Harris introduces federal legislation to legalize marijuana
WASHINGTON – Sen. Kamala Harris, a top-tier contender in the crowded 2020 Democratic primary field, introduced legislation Tuesday that would decriminalize and tax marijuana — a move that is at odds with the California Democrat’s record.
The Marijuana Opportunity Reinvestment and Expungement Act, which was written by Harris and co-sponsored in the House by Rep. Jerry Nadler, D-N.Y., would decriminalize marijuana at the federal level, implement re-sentencing or expungement for prior marijuana-based convictions, and tax revenue generated by the marijuana industry, with 50% of it used to create three trust funds.
The trust funds include the Community Reinvestment Grant, which would provide funding for services such as job training, re-entry services and legal aid; the Cannabis Opportunity Grant, which would provides funds to assist small businesses in the pot industry; and the Equitable Licensing Grant, which minimizes barriers to gain access to marijuana licensing and employment for those most impacted by the so-called war on drugs.
Part of the impetus for legalizing marijuana is a concern that people of color, mostly black Americans, are disproportionately targeted and charged for marijuana-related offenses. African Americans are 3.73 times more likely than whites to be arrested for pot, according to the ACLU.
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Harris’ legislation would also prohibit denial of federal public benefits due to marijuana use and possession. In addition, the legislation dictates that possession or use of marijuana would also have no adverse impact under the immigration laws. The Bureau of Labor Statistics would also collect data on the demographics of those in the marijuana industry to “ensure people of color and those who are economically disadvantaged are participating in the industry,” the legislation says.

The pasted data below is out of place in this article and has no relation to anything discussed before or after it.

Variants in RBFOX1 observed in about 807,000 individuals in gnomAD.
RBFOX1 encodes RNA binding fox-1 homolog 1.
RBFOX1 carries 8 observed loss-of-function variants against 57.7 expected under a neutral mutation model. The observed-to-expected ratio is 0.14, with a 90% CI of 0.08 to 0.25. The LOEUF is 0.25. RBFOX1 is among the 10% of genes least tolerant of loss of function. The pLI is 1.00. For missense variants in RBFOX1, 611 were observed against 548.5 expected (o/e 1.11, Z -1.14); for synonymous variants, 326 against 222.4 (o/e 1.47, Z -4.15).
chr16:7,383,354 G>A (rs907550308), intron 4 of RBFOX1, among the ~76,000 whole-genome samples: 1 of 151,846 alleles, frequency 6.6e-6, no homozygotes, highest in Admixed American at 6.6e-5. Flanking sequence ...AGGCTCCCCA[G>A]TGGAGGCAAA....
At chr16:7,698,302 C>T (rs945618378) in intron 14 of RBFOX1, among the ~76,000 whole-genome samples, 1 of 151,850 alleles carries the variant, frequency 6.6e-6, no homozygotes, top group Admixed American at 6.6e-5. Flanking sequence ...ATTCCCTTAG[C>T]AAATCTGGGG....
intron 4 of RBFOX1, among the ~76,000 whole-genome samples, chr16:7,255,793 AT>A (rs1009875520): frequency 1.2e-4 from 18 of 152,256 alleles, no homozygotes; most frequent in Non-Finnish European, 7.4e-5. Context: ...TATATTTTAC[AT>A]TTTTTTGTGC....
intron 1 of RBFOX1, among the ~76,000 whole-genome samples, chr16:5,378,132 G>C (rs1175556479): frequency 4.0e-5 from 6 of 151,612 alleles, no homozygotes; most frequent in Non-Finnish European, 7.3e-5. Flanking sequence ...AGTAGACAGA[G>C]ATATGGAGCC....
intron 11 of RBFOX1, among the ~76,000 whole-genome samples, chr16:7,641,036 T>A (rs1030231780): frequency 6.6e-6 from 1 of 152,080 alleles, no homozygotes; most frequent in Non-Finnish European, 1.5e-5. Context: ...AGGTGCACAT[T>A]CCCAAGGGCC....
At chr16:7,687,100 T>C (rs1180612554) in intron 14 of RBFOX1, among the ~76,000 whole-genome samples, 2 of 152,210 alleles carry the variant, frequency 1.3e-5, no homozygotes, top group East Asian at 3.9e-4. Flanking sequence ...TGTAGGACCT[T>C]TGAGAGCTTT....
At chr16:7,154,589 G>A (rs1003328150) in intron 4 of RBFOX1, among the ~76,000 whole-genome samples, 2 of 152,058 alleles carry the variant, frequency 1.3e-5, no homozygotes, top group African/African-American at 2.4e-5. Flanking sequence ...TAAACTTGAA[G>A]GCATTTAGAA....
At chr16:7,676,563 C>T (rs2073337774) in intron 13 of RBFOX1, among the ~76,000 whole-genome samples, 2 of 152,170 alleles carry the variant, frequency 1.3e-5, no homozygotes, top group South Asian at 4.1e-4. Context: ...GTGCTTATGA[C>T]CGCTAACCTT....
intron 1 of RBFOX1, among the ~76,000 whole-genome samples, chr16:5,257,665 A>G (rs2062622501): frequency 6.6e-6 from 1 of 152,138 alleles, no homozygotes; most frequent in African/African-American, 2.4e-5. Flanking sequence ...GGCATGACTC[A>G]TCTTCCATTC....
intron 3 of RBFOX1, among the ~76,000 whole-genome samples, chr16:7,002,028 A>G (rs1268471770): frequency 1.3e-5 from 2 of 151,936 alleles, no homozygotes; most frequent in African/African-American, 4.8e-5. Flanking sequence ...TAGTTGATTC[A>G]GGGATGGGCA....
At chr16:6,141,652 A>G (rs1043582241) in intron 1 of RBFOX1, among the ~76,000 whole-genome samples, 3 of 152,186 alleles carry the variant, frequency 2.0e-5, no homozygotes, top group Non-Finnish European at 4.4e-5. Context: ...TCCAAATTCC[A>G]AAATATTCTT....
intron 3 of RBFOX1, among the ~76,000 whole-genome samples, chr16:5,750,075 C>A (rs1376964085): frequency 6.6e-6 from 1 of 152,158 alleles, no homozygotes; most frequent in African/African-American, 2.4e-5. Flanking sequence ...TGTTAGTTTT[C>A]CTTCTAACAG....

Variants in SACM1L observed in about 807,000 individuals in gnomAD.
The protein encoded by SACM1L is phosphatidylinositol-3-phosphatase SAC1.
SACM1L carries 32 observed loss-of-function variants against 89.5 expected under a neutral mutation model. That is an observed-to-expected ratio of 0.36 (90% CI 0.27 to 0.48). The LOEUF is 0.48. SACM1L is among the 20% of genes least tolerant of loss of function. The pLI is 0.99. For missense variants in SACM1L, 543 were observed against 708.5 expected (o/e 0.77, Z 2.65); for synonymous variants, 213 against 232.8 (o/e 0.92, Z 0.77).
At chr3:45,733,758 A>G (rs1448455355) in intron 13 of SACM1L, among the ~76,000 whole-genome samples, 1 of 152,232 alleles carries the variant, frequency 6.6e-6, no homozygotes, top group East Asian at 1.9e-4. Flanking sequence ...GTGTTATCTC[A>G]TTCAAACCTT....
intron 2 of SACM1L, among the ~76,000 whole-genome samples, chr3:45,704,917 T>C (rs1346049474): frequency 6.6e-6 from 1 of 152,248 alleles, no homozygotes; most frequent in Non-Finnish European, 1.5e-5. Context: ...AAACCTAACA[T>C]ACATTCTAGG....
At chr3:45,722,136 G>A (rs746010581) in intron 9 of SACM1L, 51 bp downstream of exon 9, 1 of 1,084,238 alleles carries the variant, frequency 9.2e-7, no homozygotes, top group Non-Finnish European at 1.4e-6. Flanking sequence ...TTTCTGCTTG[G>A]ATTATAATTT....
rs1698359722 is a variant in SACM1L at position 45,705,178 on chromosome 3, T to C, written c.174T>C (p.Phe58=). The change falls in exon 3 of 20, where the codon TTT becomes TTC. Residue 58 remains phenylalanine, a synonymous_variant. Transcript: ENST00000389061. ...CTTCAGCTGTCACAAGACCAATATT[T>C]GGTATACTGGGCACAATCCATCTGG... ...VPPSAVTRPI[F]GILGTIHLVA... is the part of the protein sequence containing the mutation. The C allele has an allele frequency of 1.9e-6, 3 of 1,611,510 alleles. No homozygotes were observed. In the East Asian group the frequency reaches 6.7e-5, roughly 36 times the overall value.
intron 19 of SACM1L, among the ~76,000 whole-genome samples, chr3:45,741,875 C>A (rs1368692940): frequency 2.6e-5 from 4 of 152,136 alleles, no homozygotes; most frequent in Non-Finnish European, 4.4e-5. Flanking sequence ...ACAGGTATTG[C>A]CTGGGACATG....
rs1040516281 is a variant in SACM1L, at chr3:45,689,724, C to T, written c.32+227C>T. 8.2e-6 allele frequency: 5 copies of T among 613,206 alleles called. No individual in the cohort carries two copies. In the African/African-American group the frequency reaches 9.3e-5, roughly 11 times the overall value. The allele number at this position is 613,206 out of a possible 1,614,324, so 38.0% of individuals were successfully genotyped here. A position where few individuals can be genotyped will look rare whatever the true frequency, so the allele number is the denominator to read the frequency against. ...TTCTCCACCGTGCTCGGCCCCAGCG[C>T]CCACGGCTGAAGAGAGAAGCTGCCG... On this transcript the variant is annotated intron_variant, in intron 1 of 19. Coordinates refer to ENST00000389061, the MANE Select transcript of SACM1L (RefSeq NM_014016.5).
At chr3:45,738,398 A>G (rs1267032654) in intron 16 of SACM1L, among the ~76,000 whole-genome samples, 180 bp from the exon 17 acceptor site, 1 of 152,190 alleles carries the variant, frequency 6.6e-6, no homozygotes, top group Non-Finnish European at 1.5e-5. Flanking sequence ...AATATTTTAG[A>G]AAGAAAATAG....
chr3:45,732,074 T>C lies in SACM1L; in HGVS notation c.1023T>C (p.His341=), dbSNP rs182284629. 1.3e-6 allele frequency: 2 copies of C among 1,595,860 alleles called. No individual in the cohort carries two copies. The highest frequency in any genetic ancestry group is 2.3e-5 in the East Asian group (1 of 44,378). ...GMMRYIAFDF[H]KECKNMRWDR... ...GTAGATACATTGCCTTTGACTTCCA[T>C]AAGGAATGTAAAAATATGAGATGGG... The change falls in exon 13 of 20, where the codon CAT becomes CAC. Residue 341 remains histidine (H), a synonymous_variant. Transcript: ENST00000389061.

The California Democrat, however, hasn’t always supported fully legalizing marijuana.
Nine years ago, Harris opposed legislation that would have legalized marijuana in California, according to the Los Angeles Times. Harris, who was the San Francisco district attorney at the time, supported the legal use of medical marijuana but was against 2010 legislation that would have legalized pot in California.
“Spending two decades in court rooms, Harris believes that drug selling harms communities,” a Harris spokesman at the time told the Capitol Weekly.
While California attorney general, Harris declined to comment in an August 2014 interview with a local Sacramento TV station about her then-opponent’s stance on legalizing recreational marijuana.
“Your opponent, Ron Gold, has said that he is for the legalization of marijuana recreationally. Your thoughts on that?” KCRA-TV asked Harris, who was seeking reelection.
“Um, I — that he is entitled to his opinion,” she replied.
The next year, Harris called to “end the federal ban on medical marijuana” during the 2015 Democratic State Convention.
Since announcing her presidential bid in late January, Harris has been criticized by some progressives for her record on criminal justice issues.
Just weeks after announcing, Harris said in an interview on “the Breakfast Club” — an urban radio show well-known in the black community that nearly every 2020 Democrat has visited — that she smoked a joint while in college.
“I did inhale. It was a long time ago. But, yes,” she said. She added in the interview that she was in favor of legalizing marijuana, noting that in the past she “had concerns.”
A number of Democratic presidential candidates have also expressed their support for legalizing marijuana.
Sen. Cory Booker of New Jersey in February reintroduced his 2017 legislation that would legalize weed across the nation. Sens. Kirsten Gillibrand of New York, Elizabeth Warren of Massachusetts, Bernie Sanders of Vermont and Harris all co-sponsored the bill this year.
Booker’s legislation, the Marijuana Justice Act, would also expunge federal convictions and allow those who have been prosecuted to petition for shorter sentences.
Former Vice President Joe Biden, the front-runner in the Democratic 2020 field, has not supported legalizing marijuana.
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There are currently 33 states and the District of Columbia that have legalized marijuana in some form. Eleven of those states, Alaska, California, Colorado, Illinois, Maine, Massachusetts, Michigan, Nevada, Oregon, Vermont and Washington, and DC have made recreational marijuana legal.
In a statement about the legislation unveiled Tuesday, Harris said that everyone, especially communities of color, should have an opportunity to participate in the growing industry as it becomes legal in states across the country.
“Times have changed — marijuana should not be a crime,” Harris said. “We need to start regulating marijuana, and expunge marijuana convictions from the records of millions of Americans so they can get on with their lives.”
Contributing: Aamer Madhani
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